Refractory Schizophrenia


An estimated 30% of people with schizophrenia have refractory schizophrenia, which means their positive schizophrenia symptoms have proven resistant even to adequate treatment with antipsychotic drugs. Most guidelines indicate that two or three treatments with typical or atypical antipsychotic drugs be unsuccessful before a patient's schizophrenia is considered refractory. While this sounds like an easy guideline to follow, it is sometimes difficult to tell whether the patient's schizophrenia is treatment-resistant, or the patient themselves is resisting treatment by not complying with the treatment regimen.

There is currently only one medication consistently shown to be effective in treating refractory schizophrenia. This medication, clozapine, is an atypical antipsychotic that has been the standard treatment for refractory schizophrenia for many years. Other medications, namely risperidone and olanzapine, have been considered as options for treating refractory schizophrenia, but their effectiveness remains unclear.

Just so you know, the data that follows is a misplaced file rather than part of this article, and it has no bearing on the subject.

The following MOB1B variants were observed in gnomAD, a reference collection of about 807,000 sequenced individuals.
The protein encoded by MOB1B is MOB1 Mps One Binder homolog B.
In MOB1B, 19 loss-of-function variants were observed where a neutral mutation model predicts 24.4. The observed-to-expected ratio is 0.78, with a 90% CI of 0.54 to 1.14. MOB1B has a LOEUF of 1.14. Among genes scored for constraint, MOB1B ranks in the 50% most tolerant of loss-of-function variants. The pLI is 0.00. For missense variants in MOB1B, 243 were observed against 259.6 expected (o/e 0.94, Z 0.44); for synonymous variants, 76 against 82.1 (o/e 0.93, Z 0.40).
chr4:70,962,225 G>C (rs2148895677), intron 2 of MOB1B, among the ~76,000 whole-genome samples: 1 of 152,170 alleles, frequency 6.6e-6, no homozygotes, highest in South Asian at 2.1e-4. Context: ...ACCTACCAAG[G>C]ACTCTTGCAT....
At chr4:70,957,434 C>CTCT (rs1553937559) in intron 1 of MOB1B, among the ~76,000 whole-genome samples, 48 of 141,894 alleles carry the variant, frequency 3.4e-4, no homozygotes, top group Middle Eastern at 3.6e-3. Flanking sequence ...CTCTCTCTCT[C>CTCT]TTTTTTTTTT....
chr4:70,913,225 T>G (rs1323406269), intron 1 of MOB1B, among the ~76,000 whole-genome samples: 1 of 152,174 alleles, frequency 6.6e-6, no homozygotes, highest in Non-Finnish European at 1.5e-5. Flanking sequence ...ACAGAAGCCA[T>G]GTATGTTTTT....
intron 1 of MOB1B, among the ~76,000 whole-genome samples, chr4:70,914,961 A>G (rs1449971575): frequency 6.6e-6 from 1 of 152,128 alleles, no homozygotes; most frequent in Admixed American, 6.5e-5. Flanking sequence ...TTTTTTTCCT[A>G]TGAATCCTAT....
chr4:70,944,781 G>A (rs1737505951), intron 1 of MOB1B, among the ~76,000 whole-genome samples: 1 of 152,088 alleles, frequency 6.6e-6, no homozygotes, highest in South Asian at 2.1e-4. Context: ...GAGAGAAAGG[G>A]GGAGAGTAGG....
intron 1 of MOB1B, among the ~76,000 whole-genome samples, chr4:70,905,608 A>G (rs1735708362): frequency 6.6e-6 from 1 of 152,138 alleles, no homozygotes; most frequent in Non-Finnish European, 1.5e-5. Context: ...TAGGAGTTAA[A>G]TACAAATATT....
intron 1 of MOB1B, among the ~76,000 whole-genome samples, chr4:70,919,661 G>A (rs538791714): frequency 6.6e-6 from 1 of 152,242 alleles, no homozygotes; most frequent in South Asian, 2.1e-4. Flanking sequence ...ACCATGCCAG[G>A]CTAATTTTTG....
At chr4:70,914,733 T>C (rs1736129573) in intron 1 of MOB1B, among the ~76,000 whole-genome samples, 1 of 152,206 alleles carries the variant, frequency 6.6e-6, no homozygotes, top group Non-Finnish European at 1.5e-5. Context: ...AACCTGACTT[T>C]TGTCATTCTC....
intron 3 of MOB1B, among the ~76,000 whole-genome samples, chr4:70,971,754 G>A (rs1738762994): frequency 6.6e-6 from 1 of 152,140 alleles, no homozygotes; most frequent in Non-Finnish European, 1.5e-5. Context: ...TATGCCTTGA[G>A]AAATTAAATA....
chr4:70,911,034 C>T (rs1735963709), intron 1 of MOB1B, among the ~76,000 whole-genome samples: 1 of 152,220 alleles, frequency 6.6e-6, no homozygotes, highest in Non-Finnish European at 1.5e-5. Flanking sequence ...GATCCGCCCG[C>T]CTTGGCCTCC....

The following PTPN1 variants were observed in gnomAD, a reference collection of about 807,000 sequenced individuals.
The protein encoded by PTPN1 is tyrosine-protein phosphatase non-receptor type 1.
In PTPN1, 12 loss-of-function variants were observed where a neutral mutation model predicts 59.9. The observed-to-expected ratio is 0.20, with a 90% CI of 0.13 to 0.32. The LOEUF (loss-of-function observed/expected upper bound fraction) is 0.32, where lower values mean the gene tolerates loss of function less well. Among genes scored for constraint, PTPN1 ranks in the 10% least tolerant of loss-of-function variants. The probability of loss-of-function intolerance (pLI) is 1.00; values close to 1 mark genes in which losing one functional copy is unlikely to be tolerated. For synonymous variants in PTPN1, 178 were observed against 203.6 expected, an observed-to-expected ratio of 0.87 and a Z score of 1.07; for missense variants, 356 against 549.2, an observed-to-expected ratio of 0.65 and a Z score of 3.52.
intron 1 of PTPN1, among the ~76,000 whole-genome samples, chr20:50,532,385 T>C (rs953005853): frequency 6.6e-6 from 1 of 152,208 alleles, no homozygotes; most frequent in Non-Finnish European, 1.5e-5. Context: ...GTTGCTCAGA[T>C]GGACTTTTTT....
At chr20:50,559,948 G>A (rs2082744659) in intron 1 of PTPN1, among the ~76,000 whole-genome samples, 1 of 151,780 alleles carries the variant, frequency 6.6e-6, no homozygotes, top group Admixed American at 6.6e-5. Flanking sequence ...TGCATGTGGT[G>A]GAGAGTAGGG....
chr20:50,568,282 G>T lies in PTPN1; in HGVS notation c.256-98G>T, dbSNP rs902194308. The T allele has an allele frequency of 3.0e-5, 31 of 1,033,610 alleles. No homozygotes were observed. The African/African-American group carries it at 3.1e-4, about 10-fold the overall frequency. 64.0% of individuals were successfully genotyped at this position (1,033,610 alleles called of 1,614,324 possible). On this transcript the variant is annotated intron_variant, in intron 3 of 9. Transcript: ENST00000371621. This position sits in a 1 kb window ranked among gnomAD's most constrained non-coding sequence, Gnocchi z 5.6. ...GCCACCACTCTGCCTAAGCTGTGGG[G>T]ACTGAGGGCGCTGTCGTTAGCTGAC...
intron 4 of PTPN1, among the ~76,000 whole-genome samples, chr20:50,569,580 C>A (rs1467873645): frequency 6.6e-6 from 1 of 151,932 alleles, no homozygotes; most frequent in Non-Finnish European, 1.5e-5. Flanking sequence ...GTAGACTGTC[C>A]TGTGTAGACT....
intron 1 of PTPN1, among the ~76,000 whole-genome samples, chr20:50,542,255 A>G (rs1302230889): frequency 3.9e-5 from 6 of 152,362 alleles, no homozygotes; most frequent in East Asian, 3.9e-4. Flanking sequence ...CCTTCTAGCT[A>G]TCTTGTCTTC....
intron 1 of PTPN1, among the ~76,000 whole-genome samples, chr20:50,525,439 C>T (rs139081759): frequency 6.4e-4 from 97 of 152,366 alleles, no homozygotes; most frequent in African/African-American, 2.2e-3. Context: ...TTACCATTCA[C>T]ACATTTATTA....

Unfortunately, a recent study indicates that clozapine is not being prescribed as widely as it could be, with only 2%-3% of people with schizophrenia taking the drug (compared to the estimated 30% who suffer from treatment-resistant schizophrenia). This suggests that many patients with refractory schizophrenia are not receiving the treatment most likely to succeed in lessening their symptoms.